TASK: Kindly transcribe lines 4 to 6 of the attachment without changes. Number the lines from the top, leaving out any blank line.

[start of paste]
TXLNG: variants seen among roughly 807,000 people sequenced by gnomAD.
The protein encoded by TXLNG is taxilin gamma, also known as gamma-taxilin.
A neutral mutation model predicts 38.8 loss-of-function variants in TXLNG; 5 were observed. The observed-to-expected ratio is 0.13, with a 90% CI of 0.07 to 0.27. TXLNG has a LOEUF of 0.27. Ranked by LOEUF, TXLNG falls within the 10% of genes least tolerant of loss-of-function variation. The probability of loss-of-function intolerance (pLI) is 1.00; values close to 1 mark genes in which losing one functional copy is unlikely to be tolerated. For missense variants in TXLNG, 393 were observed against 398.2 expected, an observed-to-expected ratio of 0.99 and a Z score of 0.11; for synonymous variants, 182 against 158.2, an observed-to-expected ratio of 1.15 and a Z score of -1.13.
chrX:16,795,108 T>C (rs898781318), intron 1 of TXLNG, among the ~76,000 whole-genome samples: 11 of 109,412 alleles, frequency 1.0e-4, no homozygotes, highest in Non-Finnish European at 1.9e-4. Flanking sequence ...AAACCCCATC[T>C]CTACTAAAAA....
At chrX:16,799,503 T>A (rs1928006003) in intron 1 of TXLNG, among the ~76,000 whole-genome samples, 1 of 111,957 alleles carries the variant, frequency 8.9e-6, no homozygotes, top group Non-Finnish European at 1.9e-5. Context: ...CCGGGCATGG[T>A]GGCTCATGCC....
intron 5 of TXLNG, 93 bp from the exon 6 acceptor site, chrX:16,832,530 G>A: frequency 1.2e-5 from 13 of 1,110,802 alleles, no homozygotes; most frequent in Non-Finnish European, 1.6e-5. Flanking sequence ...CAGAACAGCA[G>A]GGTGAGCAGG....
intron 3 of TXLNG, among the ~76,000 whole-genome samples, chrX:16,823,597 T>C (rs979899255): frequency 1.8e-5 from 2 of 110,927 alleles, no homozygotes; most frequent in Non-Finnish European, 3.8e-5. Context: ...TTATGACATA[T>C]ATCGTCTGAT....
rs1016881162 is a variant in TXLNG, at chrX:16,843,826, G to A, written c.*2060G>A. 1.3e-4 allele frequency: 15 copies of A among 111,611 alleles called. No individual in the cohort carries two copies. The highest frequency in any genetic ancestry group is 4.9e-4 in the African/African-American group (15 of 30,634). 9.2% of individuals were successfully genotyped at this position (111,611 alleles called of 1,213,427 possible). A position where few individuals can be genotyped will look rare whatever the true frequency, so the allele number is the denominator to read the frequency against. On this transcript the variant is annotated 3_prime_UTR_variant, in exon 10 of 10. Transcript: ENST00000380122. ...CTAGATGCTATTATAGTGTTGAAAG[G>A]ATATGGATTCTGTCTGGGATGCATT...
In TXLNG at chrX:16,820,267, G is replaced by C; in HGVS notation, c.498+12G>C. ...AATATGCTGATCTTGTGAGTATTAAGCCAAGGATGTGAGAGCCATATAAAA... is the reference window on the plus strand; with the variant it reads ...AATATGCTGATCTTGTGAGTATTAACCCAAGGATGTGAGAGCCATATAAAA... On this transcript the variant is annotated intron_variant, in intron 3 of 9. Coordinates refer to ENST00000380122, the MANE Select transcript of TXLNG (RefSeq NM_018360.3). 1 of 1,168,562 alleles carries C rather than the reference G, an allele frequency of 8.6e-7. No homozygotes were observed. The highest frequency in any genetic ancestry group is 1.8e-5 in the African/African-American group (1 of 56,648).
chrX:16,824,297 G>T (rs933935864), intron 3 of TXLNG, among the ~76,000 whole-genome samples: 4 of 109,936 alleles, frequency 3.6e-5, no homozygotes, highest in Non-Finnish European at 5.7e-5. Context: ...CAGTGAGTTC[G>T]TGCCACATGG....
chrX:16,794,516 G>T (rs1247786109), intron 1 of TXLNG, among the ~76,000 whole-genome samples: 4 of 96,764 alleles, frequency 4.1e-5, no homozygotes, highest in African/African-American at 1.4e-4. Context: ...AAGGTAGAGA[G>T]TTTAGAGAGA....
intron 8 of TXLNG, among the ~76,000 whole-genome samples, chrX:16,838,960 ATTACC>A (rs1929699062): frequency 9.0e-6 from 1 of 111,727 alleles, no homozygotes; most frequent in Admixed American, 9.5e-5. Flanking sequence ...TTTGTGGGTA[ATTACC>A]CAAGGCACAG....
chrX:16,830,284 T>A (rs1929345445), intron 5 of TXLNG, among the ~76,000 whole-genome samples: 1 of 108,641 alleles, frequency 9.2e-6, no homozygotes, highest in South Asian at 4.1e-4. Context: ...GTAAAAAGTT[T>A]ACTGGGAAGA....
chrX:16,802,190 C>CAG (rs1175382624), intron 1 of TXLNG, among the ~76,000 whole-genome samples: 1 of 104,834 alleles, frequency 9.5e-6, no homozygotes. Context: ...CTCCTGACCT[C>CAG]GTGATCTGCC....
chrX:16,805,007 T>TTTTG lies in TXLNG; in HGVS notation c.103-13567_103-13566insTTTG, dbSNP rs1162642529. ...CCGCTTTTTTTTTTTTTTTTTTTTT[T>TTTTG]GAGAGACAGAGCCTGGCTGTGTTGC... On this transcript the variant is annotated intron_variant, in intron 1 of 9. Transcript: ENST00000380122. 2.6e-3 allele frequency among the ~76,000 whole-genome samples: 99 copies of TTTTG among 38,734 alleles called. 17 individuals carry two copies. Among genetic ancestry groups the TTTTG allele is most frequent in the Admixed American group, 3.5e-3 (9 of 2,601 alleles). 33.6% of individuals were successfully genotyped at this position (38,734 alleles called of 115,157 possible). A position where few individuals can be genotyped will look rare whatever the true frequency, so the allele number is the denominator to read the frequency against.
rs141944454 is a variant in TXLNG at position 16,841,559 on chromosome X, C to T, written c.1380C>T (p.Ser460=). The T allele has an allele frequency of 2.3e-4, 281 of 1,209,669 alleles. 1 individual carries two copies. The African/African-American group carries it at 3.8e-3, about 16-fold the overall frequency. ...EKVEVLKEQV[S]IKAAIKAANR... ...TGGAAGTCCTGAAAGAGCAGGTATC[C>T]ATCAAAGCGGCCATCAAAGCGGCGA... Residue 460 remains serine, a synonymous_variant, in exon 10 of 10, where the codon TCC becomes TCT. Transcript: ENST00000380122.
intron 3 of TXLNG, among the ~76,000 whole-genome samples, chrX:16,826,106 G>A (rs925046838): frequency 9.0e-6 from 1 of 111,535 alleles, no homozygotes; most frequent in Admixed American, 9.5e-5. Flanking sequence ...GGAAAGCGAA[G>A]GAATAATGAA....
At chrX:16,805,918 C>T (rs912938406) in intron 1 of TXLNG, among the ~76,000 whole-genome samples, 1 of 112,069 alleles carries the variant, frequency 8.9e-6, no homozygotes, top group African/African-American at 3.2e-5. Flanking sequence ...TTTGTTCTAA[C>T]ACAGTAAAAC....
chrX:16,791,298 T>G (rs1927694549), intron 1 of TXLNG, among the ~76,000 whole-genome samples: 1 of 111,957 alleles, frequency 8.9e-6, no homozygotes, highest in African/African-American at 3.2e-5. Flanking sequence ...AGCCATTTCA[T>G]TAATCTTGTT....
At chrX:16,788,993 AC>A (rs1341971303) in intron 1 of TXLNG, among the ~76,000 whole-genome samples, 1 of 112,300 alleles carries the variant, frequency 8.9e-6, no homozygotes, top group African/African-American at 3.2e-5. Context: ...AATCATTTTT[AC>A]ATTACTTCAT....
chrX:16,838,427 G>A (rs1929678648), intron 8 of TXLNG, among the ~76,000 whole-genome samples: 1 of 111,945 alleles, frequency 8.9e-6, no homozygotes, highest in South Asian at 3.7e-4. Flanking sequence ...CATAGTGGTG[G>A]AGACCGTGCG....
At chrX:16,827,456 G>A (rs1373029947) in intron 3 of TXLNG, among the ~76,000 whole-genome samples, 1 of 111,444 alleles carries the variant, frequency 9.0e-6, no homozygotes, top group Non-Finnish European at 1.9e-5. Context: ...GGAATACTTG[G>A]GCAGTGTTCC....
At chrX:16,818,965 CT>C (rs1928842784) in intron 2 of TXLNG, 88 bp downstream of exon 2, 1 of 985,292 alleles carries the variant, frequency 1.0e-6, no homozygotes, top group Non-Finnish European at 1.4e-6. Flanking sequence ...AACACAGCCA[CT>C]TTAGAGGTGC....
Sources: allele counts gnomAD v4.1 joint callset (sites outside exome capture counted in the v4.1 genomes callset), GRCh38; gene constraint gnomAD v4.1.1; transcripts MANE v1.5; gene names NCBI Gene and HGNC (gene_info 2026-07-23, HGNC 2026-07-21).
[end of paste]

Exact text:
chrX:16,795,108 T>C (rs898781318), intron 1 of TXLNG, among the ~76,000 whole-genome samples: 11 of 109,412 alleles, frequency 1.0e-4, no homozygotes, highest in Non-Finnish European at 1.9e-4. Flanking sequence ...AAACCCCATC[T>C]CTACTAAAAA....
At chrX:16,799,503 T>A (rs1928006003) in intron 1 of TXLNG, among the ~76,000 whole-genome samples, 1 of 111,957 alleles carries the variant, frequency 8.9e-6, no homozygotes, top group Non-Finnish European at 1.9e-5. Context: ...CCGGGCATGG[T>A]GGCTCATGCC....
intron 5 of TXLNG, 93 bp from the exon 6 acceptor site, chrX:16,832,530 G>A: frequency 1.2e-5 from 13 of 1,110,802 alleles, no homozygotes; most frequent in Non-Finnish European, 1.6e-5. Flanking sequence ...CAGAACAGCA[G>A]GGTGAGCAGG....